Augusta 70.3 race report

Augusta 70.3 race report

Augusta 70.3. What a day! I flew in from Seattle Thursday and arrived Thursday night. I was sharing a hotel room with my teammate, Sarah, who had already arrived and was settled in. We’ve known each other for 5 years, and been through a lot. I was excited to meet her in person. Friday morning I put my bike back together and everything thankfully seemed in order. I wanted to take it to the techs at the expo however, just to be sure. The expo wasn’t open until the afternoon, so Sarah and I took advantage of the morning with a practice swim. The race was looking wetsuit optional and with the hot temps not much of an opportunity for that to change. Sarah and I are both strong swimmers so wetsuit optional was no big deal and we did our practice swim in swimsuits. With the current assist, it was a quick swim. After showers, we headed to packet pick up. That went quickly and smoothly, and the tech wasn’t there yet but the guys at Tri Bike Transport graciously offered to check my shifting. Friday night we met up with Heather (teammate racing) and her husband Scott. We had burgers and beers and a TON of fun chatting. This race was all about team camaraderie for me and we were off to a great start. Saturday Sarah and I did a shake out ride, and I ran through all my gear combinations just to make sure. Everything was fine so I figured that will be that. We headed out to bike check in, then met up with...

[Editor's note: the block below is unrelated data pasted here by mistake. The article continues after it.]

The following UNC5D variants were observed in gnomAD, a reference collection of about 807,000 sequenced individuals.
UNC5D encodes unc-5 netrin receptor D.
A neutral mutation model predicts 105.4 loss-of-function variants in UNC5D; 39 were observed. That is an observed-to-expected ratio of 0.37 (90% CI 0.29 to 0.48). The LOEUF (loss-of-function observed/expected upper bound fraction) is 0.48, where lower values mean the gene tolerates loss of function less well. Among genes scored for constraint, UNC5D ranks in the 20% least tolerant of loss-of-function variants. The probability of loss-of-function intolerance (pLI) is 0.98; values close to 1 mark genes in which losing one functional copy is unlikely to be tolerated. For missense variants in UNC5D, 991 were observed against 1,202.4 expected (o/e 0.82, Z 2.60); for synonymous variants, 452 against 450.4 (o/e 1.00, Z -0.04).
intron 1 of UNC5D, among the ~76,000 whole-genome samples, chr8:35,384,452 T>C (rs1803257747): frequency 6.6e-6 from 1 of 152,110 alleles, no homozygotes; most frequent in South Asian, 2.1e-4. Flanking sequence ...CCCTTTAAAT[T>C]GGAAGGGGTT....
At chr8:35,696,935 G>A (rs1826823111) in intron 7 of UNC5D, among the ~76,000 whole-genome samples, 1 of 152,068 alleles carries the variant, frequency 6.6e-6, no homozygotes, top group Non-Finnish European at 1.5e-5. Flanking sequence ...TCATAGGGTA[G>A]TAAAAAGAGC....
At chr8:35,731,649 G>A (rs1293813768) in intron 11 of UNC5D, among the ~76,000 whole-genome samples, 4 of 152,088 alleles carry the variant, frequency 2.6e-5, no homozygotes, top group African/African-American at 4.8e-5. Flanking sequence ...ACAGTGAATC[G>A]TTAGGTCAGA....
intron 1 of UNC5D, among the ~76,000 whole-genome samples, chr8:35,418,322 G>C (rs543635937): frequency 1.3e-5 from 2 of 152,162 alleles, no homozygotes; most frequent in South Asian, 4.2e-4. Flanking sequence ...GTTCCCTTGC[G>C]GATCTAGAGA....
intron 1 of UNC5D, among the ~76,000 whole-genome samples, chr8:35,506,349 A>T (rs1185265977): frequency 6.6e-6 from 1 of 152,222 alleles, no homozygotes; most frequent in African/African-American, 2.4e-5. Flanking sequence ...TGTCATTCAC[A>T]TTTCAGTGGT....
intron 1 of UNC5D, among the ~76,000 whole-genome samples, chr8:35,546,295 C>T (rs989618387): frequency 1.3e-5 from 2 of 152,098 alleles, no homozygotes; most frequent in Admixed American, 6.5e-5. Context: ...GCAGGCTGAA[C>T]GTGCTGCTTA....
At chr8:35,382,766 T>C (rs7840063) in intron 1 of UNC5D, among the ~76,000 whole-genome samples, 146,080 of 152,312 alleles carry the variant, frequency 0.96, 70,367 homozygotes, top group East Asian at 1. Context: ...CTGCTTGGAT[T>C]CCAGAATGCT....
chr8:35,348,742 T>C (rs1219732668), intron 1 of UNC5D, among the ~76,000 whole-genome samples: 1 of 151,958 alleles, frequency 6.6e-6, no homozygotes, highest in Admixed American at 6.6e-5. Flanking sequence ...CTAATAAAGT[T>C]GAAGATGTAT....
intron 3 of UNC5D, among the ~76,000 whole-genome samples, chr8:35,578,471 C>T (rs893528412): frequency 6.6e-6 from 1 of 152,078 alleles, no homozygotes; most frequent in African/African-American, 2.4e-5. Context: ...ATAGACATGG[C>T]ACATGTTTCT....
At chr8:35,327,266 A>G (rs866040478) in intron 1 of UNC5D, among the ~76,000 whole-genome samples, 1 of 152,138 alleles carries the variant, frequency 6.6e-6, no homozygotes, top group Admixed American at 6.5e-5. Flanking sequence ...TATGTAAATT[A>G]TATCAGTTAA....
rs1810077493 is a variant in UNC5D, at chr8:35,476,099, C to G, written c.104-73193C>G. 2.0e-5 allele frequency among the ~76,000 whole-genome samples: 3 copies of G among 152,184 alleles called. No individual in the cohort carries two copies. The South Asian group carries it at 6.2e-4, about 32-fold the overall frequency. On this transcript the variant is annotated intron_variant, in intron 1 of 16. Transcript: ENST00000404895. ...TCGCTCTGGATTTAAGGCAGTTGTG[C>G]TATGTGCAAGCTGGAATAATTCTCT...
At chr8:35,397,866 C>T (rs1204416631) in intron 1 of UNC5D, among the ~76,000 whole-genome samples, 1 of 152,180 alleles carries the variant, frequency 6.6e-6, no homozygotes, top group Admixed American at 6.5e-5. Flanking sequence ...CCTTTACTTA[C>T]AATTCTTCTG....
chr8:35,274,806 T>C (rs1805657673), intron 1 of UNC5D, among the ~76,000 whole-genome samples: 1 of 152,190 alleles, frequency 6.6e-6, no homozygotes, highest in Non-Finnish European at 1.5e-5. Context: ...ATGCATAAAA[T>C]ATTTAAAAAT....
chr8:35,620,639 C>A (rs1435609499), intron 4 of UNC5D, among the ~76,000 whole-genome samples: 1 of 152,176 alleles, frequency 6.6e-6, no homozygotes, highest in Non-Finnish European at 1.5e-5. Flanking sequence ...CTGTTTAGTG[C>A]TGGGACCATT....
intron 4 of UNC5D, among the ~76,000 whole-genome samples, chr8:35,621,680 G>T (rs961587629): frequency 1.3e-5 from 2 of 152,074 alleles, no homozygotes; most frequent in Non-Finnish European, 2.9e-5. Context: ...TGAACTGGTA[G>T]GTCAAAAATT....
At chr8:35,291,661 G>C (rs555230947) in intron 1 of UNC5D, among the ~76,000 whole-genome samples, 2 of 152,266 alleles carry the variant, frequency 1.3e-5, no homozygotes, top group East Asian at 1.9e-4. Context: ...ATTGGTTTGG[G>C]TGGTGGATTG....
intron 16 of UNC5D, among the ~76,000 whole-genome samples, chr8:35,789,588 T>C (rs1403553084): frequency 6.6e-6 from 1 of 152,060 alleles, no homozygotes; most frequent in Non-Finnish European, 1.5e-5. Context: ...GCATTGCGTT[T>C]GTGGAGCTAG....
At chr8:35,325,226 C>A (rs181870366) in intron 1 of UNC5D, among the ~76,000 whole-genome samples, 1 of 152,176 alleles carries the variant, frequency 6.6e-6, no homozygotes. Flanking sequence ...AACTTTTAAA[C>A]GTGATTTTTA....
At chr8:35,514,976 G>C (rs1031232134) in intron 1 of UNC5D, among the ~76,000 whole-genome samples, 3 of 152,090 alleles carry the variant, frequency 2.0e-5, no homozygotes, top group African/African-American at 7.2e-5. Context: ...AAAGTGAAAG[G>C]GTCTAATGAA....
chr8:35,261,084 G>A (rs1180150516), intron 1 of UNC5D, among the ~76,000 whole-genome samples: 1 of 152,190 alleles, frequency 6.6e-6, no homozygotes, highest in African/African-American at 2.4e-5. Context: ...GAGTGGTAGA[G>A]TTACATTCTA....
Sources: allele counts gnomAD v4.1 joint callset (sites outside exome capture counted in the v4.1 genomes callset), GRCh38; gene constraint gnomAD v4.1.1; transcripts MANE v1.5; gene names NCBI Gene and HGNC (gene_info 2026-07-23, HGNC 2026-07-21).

Exercise of the week:  Sumo Squat

Exercise of the week: Sumo Squat

Coach Kristie demonstrates this week’s exercise of the week, sumo squat. The sumo squat works the quads, glutes, and hamstrings. There are a variety of ways you can do this workout with weights.  You can as shown with hand weights.  You can also use kettle bells, a bench or squat bar.  Another variation is to have one leg slightly forward and thread the bench or squat bar through the legs. Stand with legs wider than shoulder width apart, toes pointing outward.  Shoulders docked in their sockets.  Relaxed neck and spine.  Activate the core muscles bringing the belly button in toward the spine. Lower until knees are at 90 degrees.  Hold for a count of 1-3, then slowly raise to the starting position. Endurance Athletes should aim for 4 sets of 20 reps.  Fitness, Strength and Power 4 sets of 10.  The weight load will be lighter for the endurance athletes. Fitness, strength and power, higher. Please feel free to contact any of the coaches at KR Endurance if you have any questions on the exercise of the week....
Exercise of the Week:  Bird Dog

Exercise of the Week: Bird Dog

Coach Kristie demonstrates this week’s exercise of the week, Bird Dog.  This exercise targets all of the abdominal muscles and lower back. On your knees looking at the floor, have hands on the floor beneath the shoulders, neck and spine should be relaxed.  Extend opposing arm and leg, your arm should not be seen in your peripheral vision. Hold for 4 sets of 30 seconds (each side), working up to one minute.  Once you are are able to master the timed bird dog, for increased difficulty, laterally move the extended limbs 10 degrees to the side. This is a small, controlled, movement. Return to start.  Work up to 4 sets of 20 reps each side....
Letting Go

Letting Go